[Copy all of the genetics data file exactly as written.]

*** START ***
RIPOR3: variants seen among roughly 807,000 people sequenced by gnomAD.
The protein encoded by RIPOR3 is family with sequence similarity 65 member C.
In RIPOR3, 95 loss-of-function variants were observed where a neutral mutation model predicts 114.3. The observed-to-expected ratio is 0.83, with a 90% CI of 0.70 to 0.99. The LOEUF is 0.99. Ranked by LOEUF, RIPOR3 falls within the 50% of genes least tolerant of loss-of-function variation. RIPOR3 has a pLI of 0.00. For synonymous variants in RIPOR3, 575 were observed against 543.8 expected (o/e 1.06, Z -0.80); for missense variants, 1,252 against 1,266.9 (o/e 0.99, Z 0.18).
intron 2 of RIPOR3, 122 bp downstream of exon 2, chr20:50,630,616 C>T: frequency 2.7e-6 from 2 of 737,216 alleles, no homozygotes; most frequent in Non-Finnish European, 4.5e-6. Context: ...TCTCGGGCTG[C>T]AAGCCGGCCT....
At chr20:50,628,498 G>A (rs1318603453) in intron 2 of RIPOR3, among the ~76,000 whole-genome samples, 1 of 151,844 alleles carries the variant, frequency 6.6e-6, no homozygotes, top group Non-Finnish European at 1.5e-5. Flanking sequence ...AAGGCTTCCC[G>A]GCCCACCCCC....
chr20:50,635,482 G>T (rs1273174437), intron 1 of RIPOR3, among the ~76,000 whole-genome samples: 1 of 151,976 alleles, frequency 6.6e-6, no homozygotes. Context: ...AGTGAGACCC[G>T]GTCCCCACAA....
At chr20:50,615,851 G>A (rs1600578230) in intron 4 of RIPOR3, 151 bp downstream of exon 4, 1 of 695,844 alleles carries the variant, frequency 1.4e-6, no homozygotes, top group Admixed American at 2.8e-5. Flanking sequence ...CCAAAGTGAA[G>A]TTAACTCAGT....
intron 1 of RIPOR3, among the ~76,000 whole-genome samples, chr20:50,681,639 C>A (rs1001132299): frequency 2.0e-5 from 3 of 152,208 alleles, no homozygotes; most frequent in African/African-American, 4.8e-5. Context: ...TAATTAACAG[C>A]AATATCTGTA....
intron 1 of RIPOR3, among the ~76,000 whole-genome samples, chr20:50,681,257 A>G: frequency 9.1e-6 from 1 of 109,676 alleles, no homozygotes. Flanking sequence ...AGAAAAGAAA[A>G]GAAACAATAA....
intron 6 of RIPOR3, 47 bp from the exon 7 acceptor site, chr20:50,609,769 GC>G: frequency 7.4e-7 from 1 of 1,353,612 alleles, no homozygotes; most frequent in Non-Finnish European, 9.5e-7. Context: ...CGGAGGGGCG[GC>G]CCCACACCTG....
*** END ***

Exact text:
RIPOR3: variants seen among roughly 807,000 people sequenced by gnomAD.
The protein encoded by RIPOR3 is family with sequence similarity 65 member C.
In RIPOR3, 95 loss-of-function variants were observed where a neutral mutation model predicts 114.3. The observed-to-expected ratio is 0.83, with a 90% CI of 0.70 to 0.99. The LOEUF is 0.99. Ranked by LOEUF, RIPOR3 falls within the 50% of genes least tolerant of loss-of-function variation. RIPOR3 has a pLI of 0.00. For synonymous variants in RIPOR3, 575 were observed against 543.8 expected (o/e 1.06, Z -0.80); for missense variants, 1,252 against 1,266.9 (o/e 0.99, Z 0.18).
intron 2 of RIPOR3, 122 bp downstream of exon 2, chr20:50,630,616 C>T: frequency 2.7e-6 from 2 of 737,216 alleles, no homozygotes; most frequent in Non-Finnish European, 4.5e-6. Context: ...TCTCGGGCTG[C>T]AAGCCGGCCT....
At chr20:50,628,498 G>A (rs1318603453) in intron 2 of RIPOR3, among the ~76,000 whole-genome samples, 1 of 151,844 alleles carries the variant, frequency 6.6e-6, no homozygotes, top group Non-Finnish European at 1.5e-5. Flanking sequence ...AAGGCTTCCC[G>A]GCCCACCCCC....
chr20:50,635,482 G>T (rs1273174437), intron 1 of RIPOR3, among the ~76,000 whole-genome samples: 1 of 151,976 alleles, frequency 6.6e-6, no homozygotes. Context: ...AGTGAGACCC[G>T]GTCCCCACAA....
At chr20:50,615,851 G>A (rs1600578230) in intron 4 of RIPOR3, 151 bp downstream of exon 4, 1 of 695,844 alleles carries the variant, frequency 1.4e-6, no homozygotes, top group Admixed American at 2.8e-5. Flanking sequence ...CCAAAGTGAA[G>A]TTAACTCAGT....
intron 1 of RIPOR3, among the ~76,000 whole-genome samples, chr20:50,681,639 C>A (rs1001132299): frequency 2.0e-5 from 3 of 152,208 alleles, no homozygotes; most frequent in African/African-American, 4.8e-5. Context: ...TAATTAACAG[C>A]AATATCTGTA....
intron 1 of RIPOR3, among the ~76,000 whole-genome samples, chr20:50,681,257 A>G: frequency 9.1e-6 from 1 of 109,676 alleles, no homozygotes. Flanking sequence ...AGAAAAGAAA[A>G]GAAACAATAA....
intron 6 of RIPOR3, 47 bp from the exon 7 acceptor site, chr20:50,609,769 GC>G: frequency 7.4e-7 from 1 of 1,353,612 alleles, no homozygotes; most frequent in Non-Finnish European, 9.5e-7. Context: ...CGGAGGGGCG[GC>G]CCCACACCTG....